The final stop for the travel band...
Chania, pronounced Hahn-yah, is the second largest city on the island of Crete. In typical Greek fashion, Chania can be spelled one of three different ways (talk about confusing! Obviously this is excluding the Greek lettering); Chania, Hania, or Xania. This was the first location that we decided to hire cars, and of course being in Greece and on the right hand side of the road, it made for all kinds of fun adventures in trying to decipher where we were going (and are we really ever going to make it home? Wait, how do you spell Chania again?).
Even though Crete was the final gig for the travel band, we weren't too sad yet, we still had six days ahead of us. We arrived at the Heraklion airport in the late afternoon. The flight from Santorini to Heraklion was interesting, one of those up and down flights, but uncharacteristically Greek, we left about twenty minutes prior to our scheduled take off time, and the pilot had started to take off almost before the flight attendant could finish giving us the safety demonstration. Interesting! Our stewardess had some mad skills (or maybe just lots of practice with our over zeallous pilot!).
We had booked the 20.00 bus to Chania, which was about a three hour drive from Heraklion (the main city in Crete). The bus ride was pretty uneventful, despite some very annoying young Greek boys who were joking around the entire time. We arrived in Chania a little later than expected and feeling a little worse for wear. We divided up into two groups for the taxis so that they could drop us off at our accommodation as our host, Andreas, was patiently waiting for us. As is the case with most bus stations in town, they are usually right in thick of the action, which appeared to be the case for the station in Chania. However, our taxi ride was proving to be much longer than it should have been and I was beginning to get a little worried. Great, finally the bubble of "luck" that I had had in booking the accommodation for us had burst. Our taxi finally pulled up to an incredibly run down building on the outskirts of town. I quickly looked at my phone (which had the pictures of our stay) and then at the house, "nope, this cannot be it!". Unless of course, I had been played a fool by the best photoshopper out there! I passed my phone to the driver and had him dial our host Andreas. A few seconds later (what seemed like 10 minutes), the driver was laughing, he had taken us to the wrong area (thank god! We were miles from anything worthwhile) but in his defense, there were two of these streets in Chania. A few minutes later, we were back in the Old Town of Chania (were the touristas belong!).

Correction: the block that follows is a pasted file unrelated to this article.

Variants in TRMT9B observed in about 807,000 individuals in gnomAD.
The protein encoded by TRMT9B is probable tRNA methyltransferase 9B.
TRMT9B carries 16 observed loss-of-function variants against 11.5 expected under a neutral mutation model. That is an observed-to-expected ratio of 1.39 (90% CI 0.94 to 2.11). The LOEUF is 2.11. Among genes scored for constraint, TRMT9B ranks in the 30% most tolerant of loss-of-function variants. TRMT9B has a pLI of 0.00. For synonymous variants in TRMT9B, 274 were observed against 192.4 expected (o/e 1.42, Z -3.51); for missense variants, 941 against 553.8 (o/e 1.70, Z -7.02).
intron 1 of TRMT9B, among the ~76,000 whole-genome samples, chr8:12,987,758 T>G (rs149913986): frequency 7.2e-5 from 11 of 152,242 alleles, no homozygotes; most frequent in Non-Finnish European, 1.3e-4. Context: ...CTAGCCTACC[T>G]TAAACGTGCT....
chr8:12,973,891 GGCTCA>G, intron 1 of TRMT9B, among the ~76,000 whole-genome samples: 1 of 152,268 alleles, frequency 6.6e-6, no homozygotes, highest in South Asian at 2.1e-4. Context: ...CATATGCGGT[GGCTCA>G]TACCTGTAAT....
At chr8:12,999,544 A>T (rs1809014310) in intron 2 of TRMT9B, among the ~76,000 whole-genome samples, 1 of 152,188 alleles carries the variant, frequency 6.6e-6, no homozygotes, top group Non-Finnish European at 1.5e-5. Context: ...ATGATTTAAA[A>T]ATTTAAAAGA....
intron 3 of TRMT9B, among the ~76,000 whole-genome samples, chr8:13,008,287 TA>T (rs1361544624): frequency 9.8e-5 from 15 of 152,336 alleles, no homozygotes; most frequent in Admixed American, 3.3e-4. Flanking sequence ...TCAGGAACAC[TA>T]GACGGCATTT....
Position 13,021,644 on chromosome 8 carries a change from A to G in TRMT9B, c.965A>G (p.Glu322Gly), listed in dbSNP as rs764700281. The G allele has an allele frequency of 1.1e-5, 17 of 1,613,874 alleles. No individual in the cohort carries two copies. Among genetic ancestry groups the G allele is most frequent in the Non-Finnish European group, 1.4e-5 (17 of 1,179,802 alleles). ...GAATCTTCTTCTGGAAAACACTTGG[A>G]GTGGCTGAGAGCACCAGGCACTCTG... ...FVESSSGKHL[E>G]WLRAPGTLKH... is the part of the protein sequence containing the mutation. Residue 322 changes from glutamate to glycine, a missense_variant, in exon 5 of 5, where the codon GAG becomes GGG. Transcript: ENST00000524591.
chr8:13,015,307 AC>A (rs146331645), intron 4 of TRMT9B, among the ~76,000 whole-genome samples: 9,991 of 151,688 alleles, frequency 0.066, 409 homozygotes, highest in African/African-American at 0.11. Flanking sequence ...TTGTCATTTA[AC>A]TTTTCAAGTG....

The Old Town of Chania is a labyrinth to navigate, so many twisting and winding turns, so it was easier for us to do the rest of the distance by foot. Thankfully Andreas (who funnily enough ended up being a friend of a friend of mine from uni - very small world!), was patiently waiting for us. And even more fortunately, the accommodation lived up to (and again exceeded expectations)....phew!! A gigantic sigh of relief.